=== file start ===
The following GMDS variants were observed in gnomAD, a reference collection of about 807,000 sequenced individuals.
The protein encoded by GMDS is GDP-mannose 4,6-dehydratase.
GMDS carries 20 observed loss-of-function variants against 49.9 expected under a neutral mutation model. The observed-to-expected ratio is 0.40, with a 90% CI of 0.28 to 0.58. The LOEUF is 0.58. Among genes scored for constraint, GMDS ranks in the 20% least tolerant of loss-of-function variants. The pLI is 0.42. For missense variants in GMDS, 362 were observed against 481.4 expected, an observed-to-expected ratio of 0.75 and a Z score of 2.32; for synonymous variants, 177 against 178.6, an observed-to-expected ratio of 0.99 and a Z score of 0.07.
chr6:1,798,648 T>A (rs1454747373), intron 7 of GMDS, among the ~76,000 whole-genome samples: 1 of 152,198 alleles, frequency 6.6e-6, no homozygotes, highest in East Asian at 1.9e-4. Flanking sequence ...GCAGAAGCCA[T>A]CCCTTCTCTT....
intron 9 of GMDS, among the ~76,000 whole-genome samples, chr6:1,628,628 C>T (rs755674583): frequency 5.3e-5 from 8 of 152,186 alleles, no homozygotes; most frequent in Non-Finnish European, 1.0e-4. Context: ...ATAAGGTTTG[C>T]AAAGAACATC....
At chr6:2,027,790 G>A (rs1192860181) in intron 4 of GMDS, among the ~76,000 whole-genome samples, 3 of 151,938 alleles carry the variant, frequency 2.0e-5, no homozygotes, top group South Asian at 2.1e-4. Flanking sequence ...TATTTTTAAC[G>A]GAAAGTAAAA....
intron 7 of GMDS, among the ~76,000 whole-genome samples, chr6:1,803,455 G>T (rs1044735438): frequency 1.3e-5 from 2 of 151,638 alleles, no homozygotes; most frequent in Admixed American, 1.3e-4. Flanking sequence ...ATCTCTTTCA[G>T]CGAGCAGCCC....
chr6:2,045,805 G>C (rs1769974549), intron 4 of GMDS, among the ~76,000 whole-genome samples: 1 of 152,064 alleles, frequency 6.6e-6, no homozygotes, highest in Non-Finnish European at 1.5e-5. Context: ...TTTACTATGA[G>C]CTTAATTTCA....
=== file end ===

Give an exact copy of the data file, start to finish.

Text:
The following GMDS variants were observed in gnomAD, a reference collection of about 807,000 sequenced individuals.
The protein encoded by GMDS is GDP-mannose 4,6-dehydratase.
GMDS carries 20 observed loss-of-function variants against 49.9 expected under a neutral mutation model. The observed-to-expected ratio is 0.40, with a 90% CI of 0.28 to 0.58. The LOEUF is 0.58. Among genes scored for constraint, GMDS ranks in the 20% least tolerant of loss-of-function variants. The pLI is 0.42. For missense variants in GMDS, 362 were observed against 481.4 expected, an observed-to-expected ratio of 0.75 and a Z score of 2.32; for synonymous variants, 177 against 178.6, an observed-to-expected ratio of 0.99 and a Z score of 0.07.
chr6:1,798,648 T>A (rs1454747373), intron 7 of GMDS, among the ~76,000 whole-genome samples: 1 of 152,198 alleles, frequency 6.6e-6, no homozygotes, highest in East Asian at 1.9e-4. Flanking sequence ...GCAGAAGCCA[T>A]CCCTTCTCTT....
intron 9 of GMDS, among the ~76,000 whole-genome samples, chr6:1,628,628 C>T (rs755674583): frequency 5.3e-5 from 8 of 152,186 alleles, no homozygotes; most frequent in Non-Finnish European, 1.0e-4. Context: ...ATAAGGTTTG[C>T]AAAGAACATC....
At chr6:2,027,790 G>A (rs1192860181) in intron 4 of GMDS, among the ~76,000 whole-genome samples, 3 of 151,938 alleles carry the variant, frequency 2.0e-5, no homozygotes, top group South Asian at 2.1e-4. Flanking sequence ...TATTTTTAAC[G>A]GAAAGTAAAA....
intron 7 of GMDS, among the ~76,000 whole-genome samples, chr6:1,803,455 G>T (rs1044735438): frequency 1.3e-5 from 2 of 151,638 alleles, no homozygotes; most frequent in Admixed American, 1.3e-4. Flanking sequence ...ATCTCTTTCA[G>T]CGAGCAGCCC....
chr6:2,045,805 G>C (rs1769974549), intron 4 of GMDS, among the ~76,000 whole-genome samples: 1 of 152,064 alleles, frequency 6.6e-6, no homozygotes, highest in Non-Finnish European at 1.5e-5. Context: ...TTTACTATGA[G>C]CTTAATTTCA....